This woman, once Christ had instructed her, became an apostle...
The entirety of her surrender to our Lord is shown from the fact that she left lying there, almost as if forgotten, that for which she had come to the well the water and the water-pot. So great was her absorption. Hence it is said, The woman left her water-pot and went away into the city, went away to announce the wonderful works of Christ. She cared no longer for the bodily comforts in view of the usefulness of the better thing, following in this example of the Apostles of whom it is said that leaving their nets they followed the Lord (Mk 1:18).
The water-pot stands for fashionable desire, by means of which people draw up pleasures from those depths of darkness signified by the well, that is, from practices which are of the earth, earthly. Those who abandon such desires for the sake of God are like the woman who left her water-pot.
She invites them to look upon Christ: Come, and see a man- she did not straight away say that they should give themselves to Christ, for that might have been an occasion for blasphemy, but, to begin with, she told them things about Christ which were believable and open to observation. She told them he was a man. Nor did she say Believe, but come and see, for she knew that if they, too, tasted of that well, looking that is upon our Lord, they, too, would feel all she had felt. And she follows the example of a true preacher in that she attracts people not to herself but to Christ.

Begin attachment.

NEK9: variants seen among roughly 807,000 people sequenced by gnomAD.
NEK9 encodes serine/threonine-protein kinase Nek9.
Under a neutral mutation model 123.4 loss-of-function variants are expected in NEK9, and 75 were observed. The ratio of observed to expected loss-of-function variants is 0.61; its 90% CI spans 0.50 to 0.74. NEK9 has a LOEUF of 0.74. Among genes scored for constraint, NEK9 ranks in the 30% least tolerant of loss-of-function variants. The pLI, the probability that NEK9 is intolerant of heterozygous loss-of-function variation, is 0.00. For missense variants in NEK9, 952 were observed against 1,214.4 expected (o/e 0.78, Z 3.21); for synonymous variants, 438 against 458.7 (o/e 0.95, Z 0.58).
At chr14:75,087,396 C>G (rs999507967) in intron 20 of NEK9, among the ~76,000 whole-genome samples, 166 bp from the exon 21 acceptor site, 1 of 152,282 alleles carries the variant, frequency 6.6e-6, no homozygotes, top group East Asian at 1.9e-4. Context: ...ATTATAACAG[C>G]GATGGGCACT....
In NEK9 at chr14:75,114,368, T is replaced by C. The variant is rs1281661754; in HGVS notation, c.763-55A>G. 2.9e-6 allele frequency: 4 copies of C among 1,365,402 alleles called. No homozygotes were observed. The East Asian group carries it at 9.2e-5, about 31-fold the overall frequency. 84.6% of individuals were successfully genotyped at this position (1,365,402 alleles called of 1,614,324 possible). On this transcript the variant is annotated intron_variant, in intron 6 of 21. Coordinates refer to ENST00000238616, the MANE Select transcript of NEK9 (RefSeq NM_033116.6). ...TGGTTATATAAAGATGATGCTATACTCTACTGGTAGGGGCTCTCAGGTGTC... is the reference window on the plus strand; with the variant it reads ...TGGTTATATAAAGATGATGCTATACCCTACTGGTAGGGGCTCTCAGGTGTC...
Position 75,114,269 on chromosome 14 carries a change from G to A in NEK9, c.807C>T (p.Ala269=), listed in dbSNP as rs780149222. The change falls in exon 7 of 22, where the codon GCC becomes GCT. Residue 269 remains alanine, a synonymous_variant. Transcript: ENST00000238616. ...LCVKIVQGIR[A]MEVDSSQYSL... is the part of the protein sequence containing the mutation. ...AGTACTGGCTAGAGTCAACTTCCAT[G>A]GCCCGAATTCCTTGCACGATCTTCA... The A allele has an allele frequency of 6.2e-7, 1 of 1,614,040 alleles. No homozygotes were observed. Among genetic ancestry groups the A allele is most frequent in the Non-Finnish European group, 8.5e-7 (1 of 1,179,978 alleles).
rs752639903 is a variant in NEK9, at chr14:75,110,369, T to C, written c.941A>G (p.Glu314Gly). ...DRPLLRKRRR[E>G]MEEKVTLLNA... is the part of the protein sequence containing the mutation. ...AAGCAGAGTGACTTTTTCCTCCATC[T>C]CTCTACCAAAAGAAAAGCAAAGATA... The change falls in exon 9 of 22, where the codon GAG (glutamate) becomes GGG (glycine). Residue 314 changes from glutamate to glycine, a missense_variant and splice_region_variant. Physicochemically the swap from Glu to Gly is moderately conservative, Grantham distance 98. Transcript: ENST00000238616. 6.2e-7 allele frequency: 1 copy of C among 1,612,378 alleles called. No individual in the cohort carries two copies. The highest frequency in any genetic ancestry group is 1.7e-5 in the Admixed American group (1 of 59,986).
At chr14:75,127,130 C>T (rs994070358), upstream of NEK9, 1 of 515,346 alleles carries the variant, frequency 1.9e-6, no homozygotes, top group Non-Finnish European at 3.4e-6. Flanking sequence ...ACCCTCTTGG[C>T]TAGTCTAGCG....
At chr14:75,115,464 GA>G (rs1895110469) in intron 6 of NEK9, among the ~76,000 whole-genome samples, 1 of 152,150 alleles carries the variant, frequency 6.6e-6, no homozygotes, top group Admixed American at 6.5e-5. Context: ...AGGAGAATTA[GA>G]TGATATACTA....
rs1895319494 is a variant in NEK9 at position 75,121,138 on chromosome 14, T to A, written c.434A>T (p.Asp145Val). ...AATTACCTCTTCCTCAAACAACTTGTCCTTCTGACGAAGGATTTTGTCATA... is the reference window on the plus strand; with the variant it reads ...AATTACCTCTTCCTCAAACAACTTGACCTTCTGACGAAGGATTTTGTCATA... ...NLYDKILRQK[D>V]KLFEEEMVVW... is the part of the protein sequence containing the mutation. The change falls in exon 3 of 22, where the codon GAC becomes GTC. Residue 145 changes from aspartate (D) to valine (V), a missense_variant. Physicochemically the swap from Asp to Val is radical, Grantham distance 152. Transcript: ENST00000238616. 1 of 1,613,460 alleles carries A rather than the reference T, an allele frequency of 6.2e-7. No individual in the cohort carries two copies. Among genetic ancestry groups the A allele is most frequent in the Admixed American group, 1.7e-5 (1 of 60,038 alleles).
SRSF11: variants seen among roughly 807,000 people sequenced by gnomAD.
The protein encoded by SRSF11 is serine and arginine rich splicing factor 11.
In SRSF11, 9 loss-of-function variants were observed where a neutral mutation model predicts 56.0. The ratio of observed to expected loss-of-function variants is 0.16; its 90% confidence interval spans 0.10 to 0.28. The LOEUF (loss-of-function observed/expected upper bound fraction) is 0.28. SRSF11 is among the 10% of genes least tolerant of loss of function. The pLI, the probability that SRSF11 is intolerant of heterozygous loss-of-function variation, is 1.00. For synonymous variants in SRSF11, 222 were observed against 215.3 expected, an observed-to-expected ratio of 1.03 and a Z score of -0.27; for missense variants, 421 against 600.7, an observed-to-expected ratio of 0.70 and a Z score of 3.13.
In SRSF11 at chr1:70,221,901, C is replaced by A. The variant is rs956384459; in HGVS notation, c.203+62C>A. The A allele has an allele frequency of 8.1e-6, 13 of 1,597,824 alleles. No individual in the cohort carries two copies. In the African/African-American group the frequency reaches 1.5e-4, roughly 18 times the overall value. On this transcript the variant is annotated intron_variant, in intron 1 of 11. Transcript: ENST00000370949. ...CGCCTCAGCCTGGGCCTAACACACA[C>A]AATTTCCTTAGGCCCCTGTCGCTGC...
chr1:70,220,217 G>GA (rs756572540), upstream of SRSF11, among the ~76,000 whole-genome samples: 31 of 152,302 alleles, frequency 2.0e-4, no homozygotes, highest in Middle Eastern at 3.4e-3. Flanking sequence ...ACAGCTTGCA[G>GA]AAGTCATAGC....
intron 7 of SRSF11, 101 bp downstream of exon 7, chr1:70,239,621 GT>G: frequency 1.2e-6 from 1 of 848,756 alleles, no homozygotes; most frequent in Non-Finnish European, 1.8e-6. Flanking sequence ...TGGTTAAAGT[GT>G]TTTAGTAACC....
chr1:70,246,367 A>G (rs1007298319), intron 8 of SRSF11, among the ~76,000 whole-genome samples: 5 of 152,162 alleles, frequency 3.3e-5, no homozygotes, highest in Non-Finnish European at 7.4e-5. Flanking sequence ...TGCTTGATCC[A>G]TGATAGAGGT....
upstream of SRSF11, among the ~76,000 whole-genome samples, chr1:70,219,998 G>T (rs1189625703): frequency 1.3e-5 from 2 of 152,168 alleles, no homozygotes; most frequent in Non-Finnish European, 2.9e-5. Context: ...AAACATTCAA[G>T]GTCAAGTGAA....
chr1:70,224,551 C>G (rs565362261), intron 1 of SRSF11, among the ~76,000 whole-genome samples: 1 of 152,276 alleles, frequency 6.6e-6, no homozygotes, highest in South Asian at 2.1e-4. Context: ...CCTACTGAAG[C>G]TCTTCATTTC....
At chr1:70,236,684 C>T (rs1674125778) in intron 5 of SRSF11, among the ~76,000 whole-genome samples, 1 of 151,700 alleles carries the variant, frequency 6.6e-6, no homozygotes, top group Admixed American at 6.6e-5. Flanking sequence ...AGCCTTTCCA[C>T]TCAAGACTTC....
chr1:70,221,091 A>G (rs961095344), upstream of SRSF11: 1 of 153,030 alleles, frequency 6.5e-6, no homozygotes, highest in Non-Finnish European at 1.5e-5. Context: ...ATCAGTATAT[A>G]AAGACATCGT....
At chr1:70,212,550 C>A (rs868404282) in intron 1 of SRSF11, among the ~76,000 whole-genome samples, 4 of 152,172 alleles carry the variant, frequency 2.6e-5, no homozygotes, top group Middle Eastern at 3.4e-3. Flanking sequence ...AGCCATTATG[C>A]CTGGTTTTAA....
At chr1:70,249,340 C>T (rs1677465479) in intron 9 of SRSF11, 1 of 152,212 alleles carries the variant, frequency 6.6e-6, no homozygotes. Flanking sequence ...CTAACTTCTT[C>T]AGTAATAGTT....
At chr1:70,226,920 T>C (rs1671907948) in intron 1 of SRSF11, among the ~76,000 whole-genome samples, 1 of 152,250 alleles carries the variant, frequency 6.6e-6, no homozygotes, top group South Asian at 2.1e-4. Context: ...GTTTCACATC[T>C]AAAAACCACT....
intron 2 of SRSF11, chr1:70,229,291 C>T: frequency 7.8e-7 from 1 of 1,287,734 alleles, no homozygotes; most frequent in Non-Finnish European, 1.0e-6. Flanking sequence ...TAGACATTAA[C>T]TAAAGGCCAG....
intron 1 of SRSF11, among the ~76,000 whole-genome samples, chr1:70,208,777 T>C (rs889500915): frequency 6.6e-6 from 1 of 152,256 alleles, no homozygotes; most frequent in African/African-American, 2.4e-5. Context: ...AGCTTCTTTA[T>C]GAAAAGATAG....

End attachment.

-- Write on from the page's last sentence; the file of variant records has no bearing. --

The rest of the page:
She gives them a hint that Christ is God when she says, A man who has told me all things whatsoever I have done, that is to say, how many husbands she has had. She is not ashamed to bring up things that make for her own confusion, because the soul, once it is lighted up with the divine fire, in no way looks to earthly values and standards, cares neither for its own glory nor its shame, but only for that flame which holds and consumes it.
- St. Thomas Aquinas